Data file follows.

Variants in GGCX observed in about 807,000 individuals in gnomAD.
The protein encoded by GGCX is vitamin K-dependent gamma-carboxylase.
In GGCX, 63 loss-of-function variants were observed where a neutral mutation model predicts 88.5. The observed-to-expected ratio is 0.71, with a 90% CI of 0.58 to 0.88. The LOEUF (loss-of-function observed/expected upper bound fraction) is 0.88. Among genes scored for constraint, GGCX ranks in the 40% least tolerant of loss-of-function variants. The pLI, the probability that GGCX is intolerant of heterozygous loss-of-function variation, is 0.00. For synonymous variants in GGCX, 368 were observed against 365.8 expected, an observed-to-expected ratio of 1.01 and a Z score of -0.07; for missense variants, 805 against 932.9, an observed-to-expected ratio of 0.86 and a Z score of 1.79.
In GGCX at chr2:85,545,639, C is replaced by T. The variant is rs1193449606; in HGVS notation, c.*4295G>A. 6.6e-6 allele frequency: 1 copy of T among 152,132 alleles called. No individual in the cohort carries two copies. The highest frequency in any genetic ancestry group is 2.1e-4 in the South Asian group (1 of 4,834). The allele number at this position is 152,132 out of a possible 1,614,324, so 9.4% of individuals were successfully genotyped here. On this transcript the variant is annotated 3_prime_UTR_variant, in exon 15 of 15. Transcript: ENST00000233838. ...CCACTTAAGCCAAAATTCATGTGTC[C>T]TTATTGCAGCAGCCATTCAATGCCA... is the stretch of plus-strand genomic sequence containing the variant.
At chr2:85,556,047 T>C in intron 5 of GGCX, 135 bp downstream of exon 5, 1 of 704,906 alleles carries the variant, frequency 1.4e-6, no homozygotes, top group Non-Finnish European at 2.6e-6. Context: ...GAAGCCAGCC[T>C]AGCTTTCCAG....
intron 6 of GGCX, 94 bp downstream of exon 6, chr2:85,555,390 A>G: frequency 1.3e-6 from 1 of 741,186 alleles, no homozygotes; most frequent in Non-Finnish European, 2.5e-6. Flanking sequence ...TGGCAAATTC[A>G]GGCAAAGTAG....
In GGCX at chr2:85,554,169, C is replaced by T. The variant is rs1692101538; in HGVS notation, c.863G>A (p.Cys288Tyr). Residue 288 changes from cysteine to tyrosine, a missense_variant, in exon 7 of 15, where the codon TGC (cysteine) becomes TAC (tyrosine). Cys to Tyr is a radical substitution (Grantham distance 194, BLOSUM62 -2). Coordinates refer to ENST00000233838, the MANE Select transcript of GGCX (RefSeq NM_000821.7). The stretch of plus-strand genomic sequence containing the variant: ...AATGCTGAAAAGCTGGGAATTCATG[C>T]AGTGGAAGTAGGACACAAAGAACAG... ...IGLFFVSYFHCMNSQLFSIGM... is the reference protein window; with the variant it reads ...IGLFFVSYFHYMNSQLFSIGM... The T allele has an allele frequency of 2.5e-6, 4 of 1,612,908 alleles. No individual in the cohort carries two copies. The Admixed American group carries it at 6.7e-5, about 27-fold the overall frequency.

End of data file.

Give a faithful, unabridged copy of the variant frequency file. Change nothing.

Variants in GGCX observed in about 807,000 individuals in gnomAD.
The protein encoded by GGCX is vitamin K-dependent gamma-carboxylase.
In GGCX, 63 loss-of-function variants were observed where a neutral mutation model predicts 88.5. The observed-to-expected ratio is 0.71, with a 90% CI of 0.58 to 0.88. The LOEUF (loss-of-function observed/expected upper bound fraction) is 0.88. Among genes scored for constraint, GGCX ranks in the 40% least tolerant of loss-of-function variants. The pLI, the probability that GGCX is intolerant of heterozygous loss-of-function variation, is 0.00. For synonymous variants in GGCX, 368 were observed against 365.8 expected, an observed-to-expected ratio of 1.01 and a Z score of -0.07; for missense variants, 805 against 932.9, an observed-to-expected ratio of 0.86 and a Z score of 1.79.
In GGCX at chr2:85,545,639, C is replaced by T. The variant is rs1193449606; in HGVS notation, c.*4295G>A. 6.6e-6 allele frequency: 1 copy of T among 152,132 alleles called. No individual in the cohort carries two copies. The highest frequency in any genetic ancestry group is 2.1e-4 in the South Asian group (1 of 4,834). The allele number at this position is 152,132 out of a possible 1,614,324, so 9.4% of individuals were successfully genotyped here. On this transcript the variant is annotated 3_prime_UTR_variant, in exon 15 of 15. Transcript: ENST00000233838. ...CCACTTAAGCCAAAATTCATGTGTC[C>T]TTATTGCAGCAGCCATTCAATGCCA... is the stretch of plus-strand genomic sequence containing the variant.
At chr2:85,556,047 T>C in intron 5 of GGCX, 135 bp downstream of exon 5, 1 of 704,906 alleles carries the variant, frequency 1.4e-6, no homozygotes, top group Non-Finnish European at 2.6e-6. Context: ...GAAGCCAGCC[T>C]AGCTTTCCAG....
intron 6 of GGCX, 94 bp downstream of exon 6, chr2:85,555,390 A>G: frequency 1.3e-6 from 1 of 741,186 alleles, no homozygotes; most frequent in Non-Finnish European, 2.5e-6. Flanking sequence ...TGGCAAATTC[A>G]GGCAAAGTAG....
In GGCX at chr2:85,554,169, C is replaced by T. The variant is rs1692101538; in HGVS notation, c.863G>A (p.Cys288Tyr). Residue 288 changes from cysteine to tyrosine, a missense_variant, in exon 7 of 15, where the codon TGC (cysteine) becomes TAC (tyrosine). Cys to Tyr is a radical substitution (Grantham distance 194, BLOSUM62 -2). Coordinates refer to ENST00000233838, the MANE Select transcript of GGCX (RefSeq NM_000821.7). The stretch of plus-strand genomic sequence containing the variant: ...AATGCTGAAAAGCTGGGAATTCATG[C>T]AGTGGAAGTAGGACACAAAGAACAG... ...IGLFFVSYFHCMNSQLFSIGM... is the reference protein window; with the variant it reads ...IGLFFVSYFHYMNSQLFSIGM... The T allele has an allele frequency of 2.5e-6, 4 of 1,612,908 alleles. No individual in the cohort carries two copies. The Admixed American group carries it at 6.7e-5, about 27-fold the overall frequency.